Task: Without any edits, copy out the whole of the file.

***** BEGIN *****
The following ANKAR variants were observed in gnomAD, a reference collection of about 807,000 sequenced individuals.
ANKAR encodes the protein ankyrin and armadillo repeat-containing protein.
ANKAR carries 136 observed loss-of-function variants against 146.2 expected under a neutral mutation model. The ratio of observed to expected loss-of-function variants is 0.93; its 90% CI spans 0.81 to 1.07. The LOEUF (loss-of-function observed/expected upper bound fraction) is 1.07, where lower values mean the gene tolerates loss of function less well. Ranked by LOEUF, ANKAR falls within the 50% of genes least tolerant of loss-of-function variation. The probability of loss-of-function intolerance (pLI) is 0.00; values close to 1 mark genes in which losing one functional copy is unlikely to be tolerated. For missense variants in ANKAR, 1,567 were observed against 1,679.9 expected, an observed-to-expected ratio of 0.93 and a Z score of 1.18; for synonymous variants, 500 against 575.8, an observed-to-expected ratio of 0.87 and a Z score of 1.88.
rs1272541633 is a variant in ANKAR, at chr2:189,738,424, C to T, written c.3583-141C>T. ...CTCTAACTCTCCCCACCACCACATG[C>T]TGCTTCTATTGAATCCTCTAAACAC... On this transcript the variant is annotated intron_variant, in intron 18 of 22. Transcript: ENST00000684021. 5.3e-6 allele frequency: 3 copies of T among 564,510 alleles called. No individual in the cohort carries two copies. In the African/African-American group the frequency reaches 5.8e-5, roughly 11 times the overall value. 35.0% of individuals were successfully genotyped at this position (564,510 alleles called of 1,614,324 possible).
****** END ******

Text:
The following ANKAR variants were observed in gnomAD, a reference collection of about 807,000 sequenced individuals.
ANKAR encodes the protein ankyrin and armadillo repeat-containing protein.
ANKAR carries 136 observed loss-of-function variants against 146.2 expected under a neutral mutation model. The ratio of observed to expected loss-of-function variants is 0.93; its 90% CI spans 0.81 to 1.07. The LOEUF (loss-of-function observed/expected upper bound fraction) is 1.07, where lower values mean the gene tolerates loss of function less well. Ranked by LOEUF, ANKAR falls within the 50% of genes least tolerant of loss-of-function variation. The probability of loss-of-function intolerance (pLI) is 0.00; values close to 1 mark genes in which losing one functional copy is unlikely to be tolerated. For missense variants in ANKAR, 1,567 were observed against 1,679.9 expected, an observed-to-expected ratio of 0.93 and a Z score of 1.18; for synonymous variants, 500 against 575.8, an observed-to-expected ratio of 0.87 and a Z score of 1.88.
rs1272541633 is a variant in ANKAR, at chr2:189,738,424, C to T, written c.3583-141C>T. ...CTCTAACTCTCCCCACCACCACATG[C>T]TGCTTCTATTGAATCCTCTAAACAC... On this transcript the variant is annotated intron_variant, in intron 18 of 22. Transcript: ENST00000684021. 5.3e-6 allele frequency: 3 copies of T among 564,510 alleles called. No individual in the cohort carries two copies. In the African/African-American group the frequency reaches 5.8e-5, roughly 11 times the overall value. 35.0% of individuals were successfully genotyped at this position (564,510 alleles called of 1,614,324 possible).